This issue is important since it reduces the damage award in this case by 33% whatever the true amount of the award should be. That is an increase of $9.3 million raising the incorrect $28.1 million to $37.4 million while 133% of $106.9 million raises the Rowley-calculated damages to over $140 million. Since the NFLPA’s Executive Committee calls $28.1 million “Chump Change,” they need a stronger message – like $140 million from Judge Alsup’s court. continue reading »
We’ve been following the story of a young local junior high school athlete who got hit hard in a football game. 16-year old Zachery Lystedt was sent back in twice after getting what turned out to be a major concussion and he collapsed minutes after the game was finished. As a result of Zach’s injury, Washington State passed one of the strongest pieces of legislation to protect minors from additional injury following severe head trauma.Read our earlier post about Zachery and the new Washington law by clicking HERE.
Here’s why we’re so excited about Dr. Amen’s offer to provide free brain scans which will be included in his upcoming study of football concussions. Many of you guys have already signed up but if you haven’t done so already, click HERE to read that earlier post and sign up right away – this offer is currently limited to the first 100 players to join the study!
Over the years, the NFL has continued to do lip service about all those studies they’re supposed to have been conducting on brain concussions and injuries that most players sustain over their careers. But just like the calls for an open audit of their books, few people seem to have been privy to all of the the studies that they’re supposed to have collected. In the past, we’ve also pointed out that among other “studies”, the NFL apparently also has actuarial numbers on all of the players that were provided by a subsidiary of AON Corp. headquartered in Chicago. Some of the principals in AON Corp. also happened to be owners of the Chicago Bears – read some of those earlier posts by clicking HERE. You’ll be directed to a series of earlier posts on AON’s relationship to the NFL – including this one at the top – just keep scrolling down to the other posts below. Among other things, those actuarial numbers have been used to calculate just how much they hold back from you for your surviving spouse policy on your retirement benefits (And who has actually seen their paperwork for THAT policy? Isn’t all of that called a Conflict of Interest in any other business?).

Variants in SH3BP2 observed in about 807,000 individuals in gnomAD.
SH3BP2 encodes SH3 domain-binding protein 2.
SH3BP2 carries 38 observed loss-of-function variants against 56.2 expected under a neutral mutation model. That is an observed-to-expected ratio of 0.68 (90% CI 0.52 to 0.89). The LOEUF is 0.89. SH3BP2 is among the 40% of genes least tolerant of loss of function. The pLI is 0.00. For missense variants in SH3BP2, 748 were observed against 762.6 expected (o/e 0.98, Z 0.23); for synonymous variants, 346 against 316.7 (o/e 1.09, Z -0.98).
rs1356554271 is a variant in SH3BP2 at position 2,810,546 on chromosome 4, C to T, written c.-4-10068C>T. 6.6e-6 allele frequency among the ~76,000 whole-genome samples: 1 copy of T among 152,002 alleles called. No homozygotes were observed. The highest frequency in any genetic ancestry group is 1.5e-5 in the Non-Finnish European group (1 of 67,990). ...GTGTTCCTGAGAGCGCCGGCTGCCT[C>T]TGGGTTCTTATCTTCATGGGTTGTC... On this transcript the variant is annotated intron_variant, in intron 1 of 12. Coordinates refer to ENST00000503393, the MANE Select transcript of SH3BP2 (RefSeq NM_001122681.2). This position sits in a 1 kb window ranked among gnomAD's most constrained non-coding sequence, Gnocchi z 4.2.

Here’s your personal invitation from Dr. Kristen Willeumier from the Amen Clinics to arrange an appointment to receive your free brain scan for their new study specifically focused on NFL football players’ concussions. NOTE: This study is completely independent of the NFL and the NFLPA.
Jane Arnett, co-chair of the 2010 Independent Retired Players Summit, spent years as a corporate recruiter. Mary Moran’s exceptionally high salary $240,000-a-year as the Director of Human Resources at he NFLPA piqued her interest. Of course, it probably had nothing to do with being Congressman Jim Moran’s (D – Michigan) daughter.
After years in the executive search business, my immediate impression months ago of Mary Moran’s salary was that it was MUCH more than made sense. Just a quick Google search verified it. And remember… these salary averages are probably companies of several hundred of employees, companies with only a few dozen don’t usually have a dedicated HR manager, so a firm (union?!) of 100 employees would be near the bottom of the scale. When I heard what Mary was making I KNEW there was probably “funny business”. When we heard how Troy Vincent was undermined and how it came about, her salary became a VERY interesting commentary.